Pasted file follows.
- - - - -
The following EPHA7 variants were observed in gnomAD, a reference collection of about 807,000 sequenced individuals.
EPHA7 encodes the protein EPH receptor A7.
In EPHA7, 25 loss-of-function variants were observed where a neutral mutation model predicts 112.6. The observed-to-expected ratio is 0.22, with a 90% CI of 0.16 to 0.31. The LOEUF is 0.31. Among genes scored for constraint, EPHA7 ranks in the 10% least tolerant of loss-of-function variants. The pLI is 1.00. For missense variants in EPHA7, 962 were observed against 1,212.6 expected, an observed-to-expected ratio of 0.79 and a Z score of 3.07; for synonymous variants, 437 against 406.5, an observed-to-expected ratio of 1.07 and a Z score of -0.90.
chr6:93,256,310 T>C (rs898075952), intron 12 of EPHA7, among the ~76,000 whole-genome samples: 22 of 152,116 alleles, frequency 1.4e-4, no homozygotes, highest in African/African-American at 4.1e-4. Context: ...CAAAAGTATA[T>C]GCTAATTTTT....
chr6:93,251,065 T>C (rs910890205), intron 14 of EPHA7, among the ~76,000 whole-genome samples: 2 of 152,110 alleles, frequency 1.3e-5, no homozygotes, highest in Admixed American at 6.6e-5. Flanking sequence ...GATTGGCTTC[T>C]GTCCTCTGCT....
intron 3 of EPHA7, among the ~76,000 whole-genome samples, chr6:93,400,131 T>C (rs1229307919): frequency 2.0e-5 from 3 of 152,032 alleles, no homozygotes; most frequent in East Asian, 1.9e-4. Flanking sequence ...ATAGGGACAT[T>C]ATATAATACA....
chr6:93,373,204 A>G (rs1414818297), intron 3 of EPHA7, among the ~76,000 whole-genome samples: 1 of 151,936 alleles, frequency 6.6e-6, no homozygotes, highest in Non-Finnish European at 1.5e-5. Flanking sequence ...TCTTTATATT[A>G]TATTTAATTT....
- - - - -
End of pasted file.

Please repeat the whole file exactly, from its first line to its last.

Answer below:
The following EPHA7 variants were observed in gnomAD, a reference collection of about 807,000 sequenced individuals.
EPHA7 encodes the protein EPH receptor A7.
In EPHA7, 25 loss-of-function variants were observed where a neutral mutation model predicts 112.6. The observed-to-expected ratio is 0.22, with a 90% CI of 0.16 to 0.31. The LOEUF is 0.31. Among genes scored for constraint, EPHA7 ranks in the 10% least tolerant of loss-of-function variants. The pLI is 1.00. For missense variants in EPHA7, 962 were observed against 1,212.6 expected, an observed-to-expected ratio of 0.79 and a Z score of 3.07; for synonymous variants, 437 against 406.5, an observed-to-expected ratio of 1.07 and a Z score of -0.90.
chr6:93,256,310 T>C (rs898075952), intron 12 of EPHA7, among the ~76,000 whole-genome samples: 22 of 152,116 alleles, frequency 1.4e-4, no homozygotes, highest in African/African-American at 4.1e-4. Context: ...CAAAAGTATA[T>C]GCTAATTTTT....
chr6:93,251,065 T>C (rs910890205), intron 14 of EPHA7, among the ~76,000 whole-genome samples: 2 of 152,110 alleles, frequency 1.3e-5, no homozygotes, highest in Admixed American at 6.6e-5. Flanking sequence ...GATTGGCTTC[T>C]GTCCTCTGCT....
intron 3 of EPHA7, among the ~76,000 whole-genome samples, chr6:93,400,131 T>C (rs1229307919): frequency 2.0e-5 from 3 of 152,032 alleles, no homozygotes; most frequent in East Asian, 1.9e-4. Flanking sequence ...ATAGGGACAT[T>C]ATATAATACA....
chr6:93,373,204 A>G (rs1414818297), intron 3 of EPHA7, among the ~76,000 whole-genome samples: 1 of 151,936 alleles, frequency 6.6e-6, no homozygotes, highest in Non-Finnish European at 1.5e-5. Flanking sequence ...TCTTTATATT[A>G]TATTTAATTT....